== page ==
By the time Houston had reached superstardom—singing “The Star-Spangled Banner” during the Super Bowl in 1991 and starring in her first Hollywood movie, The Bodyguard, in 1992—the façade her record label so carefully crafted and marketed was beginning to crack. “It really got bad for her around the time of The Bodyguard and after her marriage to Bobby,” says her former assistant. “She was trying hard to be this kind of prissy, girly girl people wanted her to be, but she wasn’t. She was trying to be everyone to everybody while also taking care of everybody. That took its toll.”
Houston’s pressures included pleasing both her strong-willed mother, Cissy, who’d long dreamed of success of her own, and her mentor Clive Davis, who had a vested interest in keeping her music as mainstream as possible. Davis discouraged Houston from writing her own lyrics and flatly dismissed her desire to be less “pop.” (Davis and Cissy Houston both declined comment.)
Some African-American audiences felt Houston and her music lacked soul—so much so that they dubbed her “Whitey Houston” and booed her at the 1989 Soul Train Music Awards, the same event where she met Brown. “I don’t think people knew how much that hurt her and made her second-guess herself,” says Monique, who recalls seeing Houston near tears at the awards show. “She grew up in the inner city and certainly wanted to be loved by her people.” Particularly since the real Whitney Houston, stripped of her long evening gowns, flawless makeup, and heels, was a down-home, hard-core Jersey girl who loved nothing better than to drink, smoke pot, and have a good time.
She was indeed the perfect match for R&B bad boy Brown, who routinely got in trouble with the law and had several children by different women when the two met. “They both lived lives where they were poor in the early years, had a lot of family they felt responsible for, and had success at a young age. They could relate well to each other in some ways,” Monique says. “That doesn’t mean they were right for each other, but Bobby wasn’t a bad guy.”
He also wasn’t the person Houston needed to help get her life on track and off the drugs she was taking with increasing frequency. “This business is brutal, and it’s very easy to get caught up in stuff you shouldn’t, even with the right people around you,” says singer Chaka Khan, who struggled for years with a cocaine habit and admits to getting high with Brown and Houston, who was one of Khan’s backup singers as a teenager.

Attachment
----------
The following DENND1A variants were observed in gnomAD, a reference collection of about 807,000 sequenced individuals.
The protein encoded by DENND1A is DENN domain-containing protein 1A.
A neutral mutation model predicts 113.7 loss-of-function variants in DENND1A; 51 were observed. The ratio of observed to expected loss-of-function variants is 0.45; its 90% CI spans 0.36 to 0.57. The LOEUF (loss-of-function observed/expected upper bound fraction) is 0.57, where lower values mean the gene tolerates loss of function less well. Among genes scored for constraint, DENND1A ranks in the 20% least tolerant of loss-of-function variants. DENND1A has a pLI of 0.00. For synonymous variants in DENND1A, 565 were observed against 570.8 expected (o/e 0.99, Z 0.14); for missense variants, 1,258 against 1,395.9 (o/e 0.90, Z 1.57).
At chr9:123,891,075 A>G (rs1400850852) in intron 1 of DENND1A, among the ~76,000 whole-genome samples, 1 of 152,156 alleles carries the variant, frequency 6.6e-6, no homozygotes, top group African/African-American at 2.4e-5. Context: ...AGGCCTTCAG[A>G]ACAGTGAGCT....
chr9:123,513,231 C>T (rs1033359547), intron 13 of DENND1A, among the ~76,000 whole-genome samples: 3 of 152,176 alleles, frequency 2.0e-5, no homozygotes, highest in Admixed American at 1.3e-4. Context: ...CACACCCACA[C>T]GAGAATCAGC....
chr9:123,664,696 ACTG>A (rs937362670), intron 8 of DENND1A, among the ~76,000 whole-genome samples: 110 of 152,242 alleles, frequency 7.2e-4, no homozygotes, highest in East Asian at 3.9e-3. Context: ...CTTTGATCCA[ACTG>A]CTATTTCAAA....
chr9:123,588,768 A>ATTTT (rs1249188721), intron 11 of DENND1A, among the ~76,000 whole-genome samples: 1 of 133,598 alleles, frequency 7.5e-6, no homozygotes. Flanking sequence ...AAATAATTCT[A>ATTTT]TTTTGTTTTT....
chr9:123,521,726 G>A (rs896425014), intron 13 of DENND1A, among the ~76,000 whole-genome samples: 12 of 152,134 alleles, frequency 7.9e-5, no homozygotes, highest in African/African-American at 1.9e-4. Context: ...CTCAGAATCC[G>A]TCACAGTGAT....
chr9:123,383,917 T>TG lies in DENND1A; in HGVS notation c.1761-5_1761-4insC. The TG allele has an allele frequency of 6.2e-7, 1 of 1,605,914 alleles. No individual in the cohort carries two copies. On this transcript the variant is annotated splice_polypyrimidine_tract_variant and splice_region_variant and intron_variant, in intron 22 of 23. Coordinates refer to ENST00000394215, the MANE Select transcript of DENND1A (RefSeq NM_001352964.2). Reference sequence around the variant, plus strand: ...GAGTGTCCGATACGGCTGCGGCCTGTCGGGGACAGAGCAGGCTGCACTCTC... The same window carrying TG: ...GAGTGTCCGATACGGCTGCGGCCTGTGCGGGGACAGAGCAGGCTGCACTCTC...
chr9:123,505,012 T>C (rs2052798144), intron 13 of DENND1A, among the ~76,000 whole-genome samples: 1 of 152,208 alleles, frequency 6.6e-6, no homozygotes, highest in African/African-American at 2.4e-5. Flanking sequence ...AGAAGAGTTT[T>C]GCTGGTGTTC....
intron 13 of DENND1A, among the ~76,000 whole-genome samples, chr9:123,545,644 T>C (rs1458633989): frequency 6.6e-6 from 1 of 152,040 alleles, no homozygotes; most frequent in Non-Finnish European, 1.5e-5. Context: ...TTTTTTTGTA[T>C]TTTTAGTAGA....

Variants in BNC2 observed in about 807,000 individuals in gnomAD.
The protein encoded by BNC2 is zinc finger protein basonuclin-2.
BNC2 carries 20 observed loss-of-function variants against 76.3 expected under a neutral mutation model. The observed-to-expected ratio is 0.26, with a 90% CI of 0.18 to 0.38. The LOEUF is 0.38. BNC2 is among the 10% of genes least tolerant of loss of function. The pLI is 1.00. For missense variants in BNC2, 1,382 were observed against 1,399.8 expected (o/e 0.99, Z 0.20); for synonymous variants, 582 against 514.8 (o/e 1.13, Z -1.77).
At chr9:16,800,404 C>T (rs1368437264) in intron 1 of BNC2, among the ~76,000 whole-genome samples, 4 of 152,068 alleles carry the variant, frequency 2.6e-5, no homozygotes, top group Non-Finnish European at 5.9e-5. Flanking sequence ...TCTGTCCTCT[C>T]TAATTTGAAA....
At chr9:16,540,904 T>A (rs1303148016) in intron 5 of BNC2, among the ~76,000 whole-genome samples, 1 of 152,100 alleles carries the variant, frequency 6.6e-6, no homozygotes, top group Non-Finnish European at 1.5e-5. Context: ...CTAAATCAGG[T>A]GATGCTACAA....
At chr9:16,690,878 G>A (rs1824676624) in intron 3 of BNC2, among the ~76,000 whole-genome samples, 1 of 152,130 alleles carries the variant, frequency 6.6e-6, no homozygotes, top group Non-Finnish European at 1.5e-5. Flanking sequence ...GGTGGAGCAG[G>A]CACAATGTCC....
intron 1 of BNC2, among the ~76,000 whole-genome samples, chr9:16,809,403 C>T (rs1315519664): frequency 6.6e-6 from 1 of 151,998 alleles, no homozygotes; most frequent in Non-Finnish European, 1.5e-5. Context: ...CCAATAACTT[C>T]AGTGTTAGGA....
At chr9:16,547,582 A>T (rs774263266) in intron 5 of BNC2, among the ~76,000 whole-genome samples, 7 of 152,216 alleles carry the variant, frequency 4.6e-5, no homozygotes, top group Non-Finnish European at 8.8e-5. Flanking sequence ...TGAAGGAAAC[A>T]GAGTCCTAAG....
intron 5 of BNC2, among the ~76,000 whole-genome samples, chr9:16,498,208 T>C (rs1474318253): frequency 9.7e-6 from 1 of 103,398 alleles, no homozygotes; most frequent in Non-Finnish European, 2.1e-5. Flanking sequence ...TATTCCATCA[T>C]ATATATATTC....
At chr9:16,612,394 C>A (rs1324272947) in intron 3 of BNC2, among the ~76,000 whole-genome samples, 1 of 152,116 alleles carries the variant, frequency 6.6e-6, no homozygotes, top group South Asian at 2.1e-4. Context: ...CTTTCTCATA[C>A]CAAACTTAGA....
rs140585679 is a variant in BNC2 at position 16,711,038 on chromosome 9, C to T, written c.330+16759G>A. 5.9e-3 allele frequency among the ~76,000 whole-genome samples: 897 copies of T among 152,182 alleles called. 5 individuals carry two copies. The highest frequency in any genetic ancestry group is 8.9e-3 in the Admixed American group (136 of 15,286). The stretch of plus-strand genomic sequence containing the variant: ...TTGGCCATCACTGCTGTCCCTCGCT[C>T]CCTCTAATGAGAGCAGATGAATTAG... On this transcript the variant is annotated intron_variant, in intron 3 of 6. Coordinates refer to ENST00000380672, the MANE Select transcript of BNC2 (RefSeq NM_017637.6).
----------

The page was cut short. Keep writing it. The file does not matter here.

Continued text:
Before Brown arrived on the scene, Houston’s rock had been her longtime friend and business associate Robyn Crawford, and many thought the two were having a romantic relationship. “She and Robyn were very close. They had known each other since high school,” says the former assistant. “They had a strong attachment to each other, and I can’t say more than that.” But as the lesbian rumors persisted, even after her marriage to Brown— rumors that Houston denied but that posed a potential threat to those invested in her career—Crawford disappeared from Houston’s life in the mid-’90s (not her own decision, say some). “When she left, Whitney felt lost,” says the former associate. “She needed her.”
Instead, Houston and Brown descended further into their addictions. “Bobby could get the drugs easier than she could, because he could go down to the streets and fit in better than Whitney did,” says Houston’s close friend who did drugs with her. Their messy life was a boon to Brown’s family, who regularly sold pictures to the tabloids for thousands and thousands of dollars. “Bobby’s family sold Whitney out so many times, but Whitney would just get higher to forget their betrayal.”
Many people tried to get Houston’s family to intervene, but they refused, according to several friends and associates of Houston’s. “The family was afraid of the embarrassment on some level and wouldn’t confront her early on,” Monique Houston says. “Her mother would always say, ‘I don’t understand this drug thing.’ And she didn’t. They let it get too bad before they understood she needed serious help, and then it was too late.” Houston’s brothers couldn’t help, because they were dealing with their own drug abuse. (Gary played a year in the NBA, where he struggled with drugs and injuries, and wound up a backup singer for his sister. As for Michael, friends and family say he often goes missing for weeks at a time because of drugs and has been particularly unstable since his sister’s death.)
“A lot of times the family isn’t able to get to the one they love,” says singer Jermaine Jackson, who understands all too well the Houston family’s struggle. “I saw that with Michael for years. We couldn’t get to him, because those who just wanted him to work and make money didn’t care if he was sick or drugged out. That’s a tough battle to fight.”